Mr. Lloyd’s pint-sized filly had won the 3 races of the Triple Crown for fillies by a combined margin of 28 lengths.
Here is an album of Dark Mirage’s Triple Crown, concluding with film footage of the races themselves. The quality of the video is not great, but it does enable readers to see this fabulous filly in action.
The very first winner of the Triple Crown for fillies made her next two public appearances in the Monmouth and Delaware Oaks. Dark Mirage won the former by 4 lengths. The latter was almost an honorary race, given the fact that Delaware suspended betting (because the filly was a pro at creating huge minus betting pools every time she ran) and Dark Mirage won it by 2 lengths. Shortly after the Delaware Oaks, the Tiny Tigress came up with a minor ankle injury and was given some R & R for the remainder of the season. It surprised no-one that she won Champion Three-Year Old Filly honours as 1968 came to a close.
Once the injury had healed, King shipped his Queen out to California, where she would begin her 4 year-old campaign. Rumours were already flying as to her “first date” once she was retired. Speculation was that Dr. Fager topped the list and this only added to her cachet as the West Coast eagerly awaited Dark Mirage’s racing debut.
The Santa Maria Stakes were chosen as a good season opener for the Triple Crown winner. Princessnesian, an older mare, was also entered, but the connections of Gamely avoided her. The Santa Maria showed the racing world that Dark Mirage hadn’t lost any of her determination or ability: walled in by other runners, jockey Eddie Belmonte finally found an opening and the filly dived through it and into the clear, leaving Princessnesian — who went on to win the 1969 Hollywood Gold Cup against the colts — a head too short at the finish. A small margin of victory, to be sure. But considering the rough trip, it felt as good as a length. In this footage, Tuesdee Testa is shown aboard her favourite thoroughbred just prior to the day of the race.
On February 26, 1969, Tuesdee Testa made history riding the Everett King- trained Gallarush at Santa Anita, becoming the first woman jockey to ever ride at a major American race track. She and Gallarush finished last, but Everett King didn’t see it as a blemish, asserting that Tuesdee didn’t have enough “quality” under her to do any better. On March 1, 1969, Tuesdee was back in the saddle again and won aboard Lloyd Miller’s Buz On. And even though horse and jockey had been roundly booed in the post parade, when it was all over King was quick to point out that even the immortal Eddie Arcaro hadn’t won his first race in only his second start. It should have been a day that Tuesdee would remember as the realization of a dream. But it didn’t turn out that way.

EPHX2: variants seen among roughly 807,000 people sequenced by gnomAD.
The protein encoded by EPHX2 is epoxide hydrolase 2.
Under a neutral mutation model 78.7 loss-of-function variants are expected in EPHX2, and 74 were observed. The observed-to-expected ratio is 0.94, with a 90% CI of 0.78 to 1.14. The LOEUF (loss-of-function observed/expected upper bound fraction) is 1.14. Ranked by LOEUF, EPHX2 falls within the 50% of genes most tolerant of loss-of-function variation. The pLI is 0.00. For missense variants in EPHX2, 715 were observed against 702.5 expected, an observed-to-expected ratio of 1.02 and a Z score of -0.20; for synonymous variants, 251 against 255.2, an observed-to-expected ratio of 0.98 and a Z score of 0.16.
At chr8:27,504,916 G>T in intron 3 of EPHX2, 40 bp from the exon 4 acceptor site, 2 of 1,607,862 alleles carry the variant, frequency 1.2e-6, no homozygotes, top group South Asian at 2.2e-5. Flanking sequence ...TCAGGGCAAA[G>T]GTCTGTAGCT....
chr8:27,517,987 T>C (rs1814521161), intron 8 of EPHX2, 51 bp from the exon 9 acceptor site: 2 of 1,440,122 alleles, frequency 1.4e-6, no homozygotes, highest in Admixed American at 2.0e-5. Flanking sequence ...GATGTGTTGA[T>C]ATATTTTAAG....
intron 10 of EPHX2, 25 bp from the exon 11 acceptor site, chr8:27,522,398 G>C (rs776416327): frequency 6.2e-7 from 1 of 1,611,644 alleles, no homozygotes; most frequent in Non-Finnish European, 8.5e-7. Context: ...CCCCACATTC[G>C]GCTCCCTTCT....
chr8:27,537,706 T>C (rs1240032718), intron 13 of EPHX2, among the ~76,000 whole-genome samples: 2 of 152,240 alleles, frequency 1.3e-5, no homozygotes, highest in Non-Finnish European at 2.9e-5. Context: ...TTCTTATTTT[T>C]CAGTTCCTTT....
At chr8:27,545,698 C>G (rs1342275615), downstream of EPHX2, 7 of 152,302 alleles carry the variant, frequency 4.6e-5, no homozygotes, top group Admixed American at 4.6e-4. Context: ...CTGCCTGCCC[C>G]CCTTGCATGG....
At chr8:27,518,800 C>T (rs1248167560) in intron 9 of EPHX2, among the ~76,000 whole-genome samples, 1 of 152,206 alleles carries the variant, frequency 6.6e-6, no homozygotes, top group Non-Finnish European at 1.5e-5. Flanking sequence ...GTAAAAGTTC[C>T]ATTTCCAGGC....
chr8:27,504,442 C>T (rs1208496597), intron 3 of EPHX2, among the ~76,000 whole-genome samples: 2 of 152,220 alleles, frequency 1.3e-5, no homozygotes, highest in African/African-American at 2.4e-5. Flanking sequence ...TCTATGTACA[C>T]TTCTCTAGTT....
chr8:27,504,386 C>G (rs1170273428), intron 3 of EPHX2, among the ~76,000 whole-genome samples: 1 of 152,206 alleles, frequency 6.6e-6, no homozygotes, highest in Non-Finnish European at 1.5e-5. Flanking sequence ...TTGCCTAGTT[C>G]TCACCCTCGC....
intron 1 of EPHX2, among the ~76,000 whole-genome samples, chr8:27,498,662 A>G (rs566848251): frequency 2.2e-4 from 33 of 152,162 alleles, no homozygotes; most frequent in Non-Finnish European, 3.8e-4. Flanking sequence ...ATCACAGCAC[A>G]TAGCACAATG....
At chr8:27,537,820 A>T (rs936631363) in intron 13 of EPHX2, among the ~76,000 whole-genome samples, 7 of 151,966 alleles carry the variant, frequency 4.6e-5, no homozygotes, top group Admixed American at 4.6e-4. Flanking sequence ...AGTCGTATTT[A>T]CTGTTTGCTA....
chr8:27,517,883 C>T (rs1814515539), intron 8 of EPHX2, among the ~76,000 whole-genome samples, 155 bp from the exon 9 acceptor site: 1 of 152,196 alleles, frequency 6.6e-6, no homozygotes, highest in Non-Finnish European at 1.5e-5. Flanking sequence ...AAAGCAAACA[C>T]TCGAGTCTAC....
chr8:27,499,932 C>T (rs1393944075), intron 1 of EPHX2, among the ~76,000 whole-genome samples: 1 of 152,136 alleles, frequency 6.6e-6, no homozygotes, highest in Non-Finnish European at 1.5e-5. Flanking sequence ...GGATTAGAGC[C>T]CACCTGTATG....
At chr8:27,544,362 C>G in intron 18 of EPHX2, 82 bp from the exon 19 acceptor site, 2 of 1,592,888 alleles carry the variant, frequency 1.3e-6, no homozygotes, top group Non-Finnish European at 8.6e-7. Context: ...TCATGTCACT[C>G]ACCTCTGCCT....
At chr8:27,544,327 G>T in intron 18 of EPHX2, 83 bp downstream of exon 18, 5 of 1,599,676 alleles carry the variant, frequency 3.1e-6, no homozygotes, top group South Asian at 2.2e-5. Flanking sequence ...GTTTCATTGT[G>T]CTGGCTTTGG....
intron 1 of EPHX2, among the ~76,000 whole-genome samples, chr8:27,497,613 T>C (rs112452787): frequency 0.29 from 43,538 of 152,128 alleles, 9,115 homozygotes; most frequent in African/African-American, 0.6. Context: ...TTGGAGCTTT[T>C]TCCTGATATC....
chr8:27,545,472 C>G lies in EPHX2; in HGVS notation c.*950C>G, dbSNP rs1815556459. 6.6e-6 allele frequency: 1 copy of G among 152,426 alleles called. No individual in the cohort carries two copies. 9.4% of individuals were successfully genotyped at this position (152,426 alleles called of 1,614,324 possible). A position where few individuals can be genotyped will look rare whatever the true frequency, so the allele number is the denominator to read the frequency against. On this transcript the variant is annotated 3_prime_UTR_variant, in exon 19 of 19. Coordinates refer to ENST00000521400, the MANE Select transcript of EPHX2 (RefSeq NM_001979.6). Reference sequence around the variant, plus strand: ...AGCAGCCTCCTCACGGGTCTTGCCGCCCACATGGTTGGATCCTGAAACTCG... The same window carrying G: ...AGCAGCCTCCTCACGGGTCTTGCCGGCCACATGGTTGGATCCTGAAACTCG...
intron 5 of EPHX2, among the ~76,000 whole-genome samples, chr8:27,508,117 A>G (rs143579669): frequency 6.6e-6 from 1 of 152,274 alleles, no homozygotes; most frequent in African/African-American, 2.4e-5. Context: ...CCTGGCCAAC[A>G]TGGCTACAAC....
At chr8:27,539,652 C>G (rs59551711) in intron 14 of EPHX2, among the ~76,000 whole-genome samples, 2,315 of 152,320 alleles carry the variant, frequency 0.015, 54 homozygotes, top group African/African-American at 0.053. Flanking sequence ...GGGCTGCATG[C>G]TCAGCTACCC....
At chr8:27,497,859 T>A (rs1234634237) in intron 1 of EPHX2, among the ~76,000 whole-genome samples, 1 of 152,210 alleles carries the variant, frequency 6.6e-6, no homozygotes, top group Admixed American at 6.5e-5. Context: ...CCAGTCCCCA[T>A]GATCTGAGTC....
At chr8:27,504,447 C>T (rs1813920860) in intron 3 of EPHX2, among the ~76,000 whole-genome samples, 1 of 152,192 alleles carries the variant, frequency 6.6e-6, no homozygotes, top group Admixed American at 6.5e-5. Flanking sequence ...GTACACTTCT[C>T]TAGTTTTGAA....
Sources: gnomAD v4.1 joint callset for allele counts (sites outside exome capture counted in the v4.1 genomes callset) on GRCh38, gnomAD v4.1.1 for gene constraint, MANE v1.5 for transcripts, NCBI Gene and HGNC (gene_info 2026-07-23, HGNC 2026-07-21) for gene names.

Dark Mirage, running in the Santa Margarita Invitational Handicap the same day, carrying an additional 130 lbs. over a sloppy track, broke down.
Here’s Leon Rasmussen’s account in the Thoroughbred Record (March 8, 1969):
“…Not enough can be said for Belmonte. As soon as he sensed Dark Mirage was not right he began to ease her and when they stopped, he quickly jumped off, took off the tack and held the filly’s injured right foreleg in his hand until the horse ambulance arrived.
The trouble began at the start, when Sinking Spring, breaking from next to the outside in post position 9, veered sharply toward the rail. As a result, Dark Mirage, breaking from post position 5, was severely jarred. Belmonte immediately took hold of Dark Mirage ‘ to give her some confidence. When she changed her lead going to the turn, I thought something was wrong and when I asked her to run a little bit and she had nothing, I knew something had happened.’
Adding to the trouble at the start was what looked like a large piece of cellophane paper — perhaps a Baggie — which had blown onto the track at the clubhouse turn. Swiftsure Stables’ Hooplah, who was setting the pace at the time, tried to jump it, and Dark Mirage , who many thought had stumbled shortly before, also tried to jump the paper.”
Everett King ran to his filly, Tuesdee at his heels.
At first, it looked as though the dislocated sesamoid in her right foreleg would heal. Only 2 days after the race, King reported that the filly was walking on the injured leg, albeit gingerly. The trainer expected her to race again. So Dark Mirage was put into a cast and, with the constant attention of a stellar veterinary team, began the long road to recovery. Her owner announced her retirement and, as had been anticipated, she was booked to Dr. Fager.
The problem was that the new injury was near one that had sidelined the filly at the end of her 3 year-old season. Dark Mirage fought gallantly, but her body just couldn’t do it. The bones refused to heal and the filly’s good foreleg began to buckle under the extra weight. After still another round of surgery, it became clear that nothing else could be done for Dark Mirage and she was put down in July, 1969.
The Tiny Tigress was buried at Tartan Farm (now Winding Oaks Farm) in Ocala, Florida. Nearby lies the grave of Dr. Fager, who was to be her first suitor.
Dark Mirage was inducted into the Hall of Fame in 1974: http://www.racingmuseum.org/hall-of-fame/horses-view.asp?varID=55